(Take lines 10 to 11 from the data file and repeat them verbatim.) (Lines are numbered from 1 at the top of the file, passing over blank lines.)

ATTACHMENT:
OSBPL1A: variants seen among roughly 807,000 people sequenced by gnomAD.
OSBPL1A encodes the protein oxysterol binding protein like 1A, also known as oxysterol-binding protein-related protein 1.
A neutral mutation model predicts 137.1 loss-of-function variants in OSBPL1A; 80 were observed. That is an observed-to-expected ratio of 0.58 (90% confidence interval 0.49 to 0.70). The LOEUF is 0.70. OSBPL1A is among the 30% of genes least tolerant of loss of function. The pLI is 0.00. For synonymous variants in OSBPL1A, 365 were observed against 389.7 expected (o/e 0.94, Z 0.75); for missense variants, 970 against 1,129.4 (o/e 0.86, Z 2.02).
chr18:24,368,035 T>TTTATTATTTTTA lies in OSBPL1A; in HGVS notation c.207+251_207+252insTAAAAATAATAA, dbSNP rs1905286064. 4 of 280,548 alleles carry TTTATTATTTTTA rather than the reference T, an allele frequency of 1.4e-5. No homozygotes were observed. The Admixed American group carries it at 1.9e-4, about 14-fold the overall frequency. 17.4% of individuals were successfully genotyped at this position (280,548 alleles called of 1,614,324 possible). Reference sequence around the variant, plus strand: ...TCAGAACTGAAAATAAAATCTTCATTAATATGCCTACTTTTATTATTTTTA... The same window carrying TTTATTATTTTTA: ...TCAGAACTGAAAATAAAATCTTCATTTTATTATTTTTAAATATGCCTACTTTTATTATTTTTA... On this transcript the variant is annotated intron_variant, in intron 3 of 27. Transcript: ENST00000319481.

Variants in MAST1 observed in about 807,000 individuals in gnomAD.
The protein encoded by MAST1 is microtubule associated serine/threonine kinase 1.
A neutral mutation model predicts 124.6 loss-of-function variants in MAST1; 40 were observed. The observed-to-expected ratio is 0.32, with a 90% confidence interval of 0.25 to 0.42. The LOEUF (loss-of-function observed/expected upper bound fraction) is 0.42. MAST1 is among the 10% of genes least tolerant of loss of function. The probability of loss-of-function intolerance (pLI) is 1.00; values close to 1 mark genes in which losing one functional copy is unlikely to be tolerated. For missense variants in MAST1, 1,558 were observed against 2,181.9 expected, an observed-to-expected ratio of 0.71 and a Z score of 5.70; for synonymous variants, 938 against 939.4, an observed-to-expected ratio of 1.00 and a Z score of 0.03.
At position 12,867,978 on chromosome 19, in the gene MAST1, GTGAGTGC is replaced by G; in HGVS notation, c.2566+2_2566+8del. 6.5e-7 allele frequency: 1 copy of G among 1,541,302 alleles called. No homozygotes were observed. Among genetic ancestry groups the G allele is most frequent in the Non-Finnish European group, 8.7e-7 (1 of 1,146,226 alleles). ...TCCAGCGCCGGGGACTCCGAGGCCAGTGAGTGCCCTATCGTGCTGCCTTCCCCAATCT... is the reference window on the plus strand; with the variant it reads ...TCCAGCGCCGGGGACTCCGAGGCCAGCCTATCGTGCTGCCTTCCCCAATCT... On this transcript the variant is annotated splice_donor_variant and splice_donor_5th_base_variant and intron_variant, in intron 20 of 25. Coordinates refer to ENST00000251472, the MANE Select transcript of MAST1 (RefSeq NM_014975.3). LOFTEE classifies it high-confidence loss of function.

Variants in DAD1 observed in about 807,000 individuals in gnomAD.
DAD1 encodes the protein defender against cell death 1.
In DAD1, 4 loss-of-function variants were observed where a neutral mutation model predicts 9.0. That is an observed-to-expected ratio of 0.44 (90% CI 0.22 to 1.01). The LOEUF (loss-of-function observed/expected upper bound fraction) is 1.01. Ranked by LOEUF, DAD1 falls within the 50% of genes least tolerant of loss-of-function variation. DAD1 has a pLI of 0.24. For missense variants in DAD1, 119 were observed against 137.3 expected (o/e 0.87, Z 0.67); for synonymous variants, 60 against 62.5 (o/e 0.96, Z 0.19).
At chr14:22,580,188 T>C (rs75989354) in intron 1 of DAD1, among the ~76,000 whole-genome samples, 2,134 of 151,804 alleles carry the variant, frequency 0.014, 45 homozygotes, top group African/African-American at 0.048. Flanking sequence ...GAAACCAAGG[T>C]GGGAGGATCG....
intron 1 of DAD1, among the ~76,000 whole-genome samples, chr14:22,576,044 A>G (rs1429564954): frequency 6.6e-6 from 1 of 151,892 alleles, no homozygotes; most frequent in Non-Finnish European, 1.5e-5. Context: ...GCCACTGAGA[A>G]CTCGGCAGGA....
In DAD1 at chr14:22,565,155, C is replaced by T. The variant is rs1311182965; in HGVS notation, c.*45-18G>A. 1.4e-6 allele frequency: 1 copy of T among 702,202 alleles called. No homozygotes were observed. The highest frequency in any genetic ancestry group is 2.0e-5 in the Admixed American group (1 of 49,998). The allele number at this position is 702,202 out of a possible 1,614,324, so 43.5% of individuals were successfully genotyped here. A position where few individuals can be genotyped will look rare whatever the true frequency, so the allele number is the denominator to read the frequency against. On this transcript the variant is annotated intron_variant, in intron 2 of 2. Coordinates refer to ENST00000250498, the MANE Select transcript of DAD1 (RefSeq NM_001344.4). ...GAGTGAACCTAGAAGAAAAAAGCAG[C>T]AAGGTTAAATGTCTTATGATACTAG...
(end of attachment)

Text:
DAD1 encodes the protein defender against cell death 1.
In DAD1, 4 loss-of-function variants were observed where a neutral mutation model predicts 9.0. That is an observed-to-expected ratio of 0.44 (90% CI 0.22 to 1.01). The LOEUF (loss-of-function observed/expected upper bound fraction) is 1.01. Ranked by LOEUF, DAD1 falls within the 50% of genes least tolerant of loss-of-function variation. DAD1 has a pLI of 0.24. For missense variants in DAD1, 119 were observed against 137.3 expected (o/e 0.87, Z 0.67); for synonymous variants, 60 against 62.5 (o/e 0.96, Z 0.19).